BAKER CITY — When Dave Cross found out that his Baker City neighbor Kenneth Anderson was a World War II veteran, Cross thought almost immediately of Honor Flight.
And when Cross learned that Anderson had never been to Washington, D.C., Cross knew what he had to do.
And now, several months later, the pair is preparing to board a plane for the nation’s capital.
Cross, himself a military veteran who served in the Army for 27 years, will accompany Anderson, 95, who served in the Navy, on an all-expenses-paid trip to Washington, D.C.
They will visit the World War II and Vietnam memorials, the National Archives, the Tomb of the Unknown Soldier at Arlington National Cemetery, and the U.S. Capitol, among other destinations.
“I’m looking forward to it,” Anderson said. “I’m proud to have been nominated.”
Honor Flight is a nationwide program that pays for veterans of World War II, and the Korean and Vietnam wars, to travel to Washington, D.C., to visit the memorials for their wars along with many other sites.
Cross, who lived in Sumpter for about four years before moving to Baker City three years ago, already knew about Honor Flight before he met Anderson, who lives just across the street.
“I consider it an honor to accompany Mr. Anderson on this flight,” Cross, 61, said.
As the two became friends, Cross learned that Anderson, who enlisted in the Navy in November 1944, just before his 18th birthday, had never visited the nation’s capital.
This winter, Cross got in touch with Honor Flight of Central Oregon, one of 130 region hubs for the nationwide network.
He found out that although the upcoming trip was already booked, World War II veterans have priority for flights.
Which is understandable, he said, since the youngest of these veterans are, like Anderson, in their 90s.
“We’re losing some every day,” Cross said.
Next, Cross had to talk with Anderson and find out if his neighbor was interested in the program.
“He said, ‘I’m up for that,’” Cross said of Anderson. “And here we are.”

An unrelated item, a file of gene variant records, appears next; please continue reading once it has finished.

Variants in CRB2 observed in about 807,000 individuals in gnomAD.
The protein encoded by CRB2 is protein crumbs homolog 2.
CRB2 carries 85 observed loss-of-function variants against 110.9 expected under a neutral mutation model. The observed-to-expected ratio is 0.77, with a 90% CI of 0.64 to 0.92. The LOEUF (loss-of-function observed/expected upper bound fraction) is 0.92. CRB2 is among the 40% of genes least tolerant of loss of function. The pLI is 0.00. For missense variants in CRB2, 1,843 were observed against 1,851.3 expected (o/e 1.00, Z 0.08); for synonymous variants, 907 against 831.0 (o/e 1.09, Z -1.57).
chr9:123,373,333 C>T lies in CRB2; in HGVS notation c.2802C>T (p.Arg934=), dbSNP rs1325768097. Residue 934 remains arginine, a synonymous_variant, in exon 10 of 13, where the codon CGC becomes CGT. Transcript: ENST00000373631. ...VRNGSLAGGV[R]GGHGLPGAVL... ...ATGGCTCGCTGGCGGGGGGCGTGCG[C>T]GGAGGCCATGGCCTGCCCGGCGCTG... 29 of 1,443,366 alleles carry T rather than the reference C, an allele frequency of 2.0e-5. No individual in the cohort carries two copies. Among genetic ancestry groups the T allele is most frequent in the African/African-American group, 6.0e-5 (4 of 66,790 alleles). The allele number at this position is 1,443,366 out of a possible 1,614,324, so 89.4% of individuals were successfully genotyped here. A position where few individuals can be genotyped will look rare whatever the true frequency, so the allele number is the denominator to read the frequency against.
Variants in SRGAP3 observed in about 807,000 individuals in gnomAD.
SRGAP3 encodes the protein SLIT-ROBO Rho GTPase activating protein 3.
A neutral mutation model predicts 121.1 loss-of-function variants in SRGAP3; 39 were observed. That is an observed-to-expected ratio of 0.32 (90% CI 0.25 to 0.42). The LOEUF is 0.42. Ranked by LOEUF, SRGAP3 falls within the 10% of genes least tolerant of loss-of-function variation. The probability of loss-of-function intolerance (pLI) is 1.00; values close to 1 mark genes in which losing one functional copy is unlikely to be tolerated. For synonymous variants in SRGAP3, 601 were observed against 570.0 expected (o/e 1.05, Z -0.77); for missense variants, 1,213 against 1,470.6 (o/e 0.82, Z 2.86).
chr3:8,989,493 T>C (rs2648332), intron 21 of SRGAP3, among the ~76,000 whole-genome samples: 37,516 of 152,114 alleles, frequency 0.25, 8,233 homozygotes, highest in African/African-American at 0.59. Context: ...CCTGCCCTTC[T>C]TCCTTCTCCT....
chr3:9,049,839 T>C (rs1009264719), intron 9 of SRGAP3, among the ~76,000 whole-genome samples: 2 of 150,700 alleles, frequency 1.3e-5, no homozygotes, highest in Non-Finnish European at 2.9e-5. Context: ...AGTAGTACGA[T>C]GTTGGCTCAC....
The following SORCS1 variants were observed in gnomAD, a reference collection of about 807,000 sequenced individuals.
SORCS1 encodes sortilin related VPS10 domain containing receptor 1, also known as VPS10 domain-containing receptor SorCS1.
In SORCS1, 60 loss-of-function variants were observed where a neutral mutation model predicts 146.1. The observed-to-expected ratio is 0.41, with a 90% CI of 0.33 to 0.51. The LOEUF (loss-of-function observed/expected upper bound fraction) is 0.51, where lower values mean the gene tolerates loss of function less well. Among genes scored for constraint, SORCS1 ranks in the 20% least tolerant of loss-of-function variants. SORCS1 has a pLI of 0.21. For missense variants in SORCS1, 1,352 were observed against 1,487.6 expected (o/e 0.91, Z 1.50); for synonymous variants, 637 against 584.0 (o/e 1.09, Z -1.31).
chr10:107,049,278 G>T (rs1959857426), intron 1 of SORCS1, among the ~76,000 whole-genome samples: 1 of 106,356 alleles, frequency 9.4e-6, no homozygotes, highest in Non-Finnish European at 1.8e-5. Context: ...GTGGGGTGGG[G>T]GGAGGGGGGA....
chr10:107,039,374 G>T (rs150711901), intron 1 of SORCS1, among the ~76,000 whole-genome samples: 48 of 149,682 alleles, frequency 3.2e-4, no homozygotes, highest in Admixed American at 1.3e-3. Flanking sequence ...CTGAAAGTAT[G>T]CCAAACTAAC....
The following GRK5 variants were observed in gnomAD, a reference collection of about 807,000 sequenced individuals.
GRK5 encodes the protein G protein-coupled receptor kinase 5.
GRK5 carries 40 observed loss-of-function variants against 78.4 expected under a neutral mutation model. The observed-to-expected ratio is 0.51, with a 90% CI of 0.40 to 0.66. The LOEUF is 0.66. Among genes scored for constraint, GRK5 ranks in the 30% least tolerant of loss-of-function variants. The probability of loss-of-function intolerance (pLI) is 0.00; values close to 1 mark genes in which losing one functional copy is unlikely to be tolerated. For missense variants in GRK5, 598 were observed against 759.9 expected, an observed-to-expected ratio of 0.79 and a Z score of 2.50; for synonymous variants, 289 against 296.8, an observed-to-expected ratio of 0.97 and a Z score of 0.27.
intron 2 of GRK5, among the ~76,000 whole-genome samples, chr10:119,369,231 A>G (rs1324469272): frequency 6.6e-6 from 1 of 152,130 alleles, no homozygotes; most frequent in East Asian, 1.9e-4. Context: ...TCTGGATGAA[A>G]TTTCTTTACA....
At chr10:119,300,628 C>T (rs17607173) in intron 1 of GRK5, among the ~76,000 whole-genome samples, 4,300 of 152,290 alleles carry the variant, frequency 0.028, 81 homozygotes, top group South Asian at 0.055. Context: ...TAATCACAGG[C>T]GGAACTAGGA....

The pair drove to Redmond Tuesday, Sept. 20, to catch their flight.
They’ll spend two full days — Sept. 22 and Sept. 23 — touring Washington, D.C., before returning over the weekend.
Two veterans meet
Cross said he introduced himself to Anderson after noticing that his neighbor, despite being in his early 90s, was very active, working in his yard and driving where he needed to go.
“I said, I need to get to know this guy,” Cross said.
During one of those conversations, Cross learned that he shared a military background with Anderson.
Anderson, who has lived in Baker City since 1989, grew up a long ways from any ocean, in Duluth, Minnesota.
And although he wanted to enlist in the Navy after he graduated from high school in June 1944 — the same month the Allies invaded Nazi-controlled Europe at Normandy — his mother wouldn’t allow it.
Instead he worked on a ship hauling iron ore across the Great Lakes.
After learning the sailor’s trade, Anderson enlisted in the Navy. He attended engineering school, then was assigned first to a ship that was being repaired at Kirkland, Washington, before shipping off to the Aleutian Islands off Alaska.
During a November 2020 interview with the Herald, Anderson described his wartime experience as “lucky.”
“We had submarine scares a few times but nobody ever shot a torpedo at us,” he said.
Anderson was stationed in San Diego, a motor machinist’s mate third class, in August 1945, preparing to participate in the U.S. invasion of Japan.
America’s military leaders expected the operation would be the costliest, in lives, of the war. Anderson would likely have been assigned to a landing craft, making sure its diesel engine kept running to deliver Marines to a beach. He knew how dangerous an amphibious assault would be.
But it never happened.
While Anderson was training, word came that Japan had surrendered after American B-29s dropped nuclear bombs on Hiroshima and Nagasaki.
After his military service ended in July 1946, Anderson attended the Michigan College of Mining and Technology and earned a degree in mining engineering and geology in 1950. Since then he has worked at mines around the country, both as a mine manager, consultant and at times as a mine owner.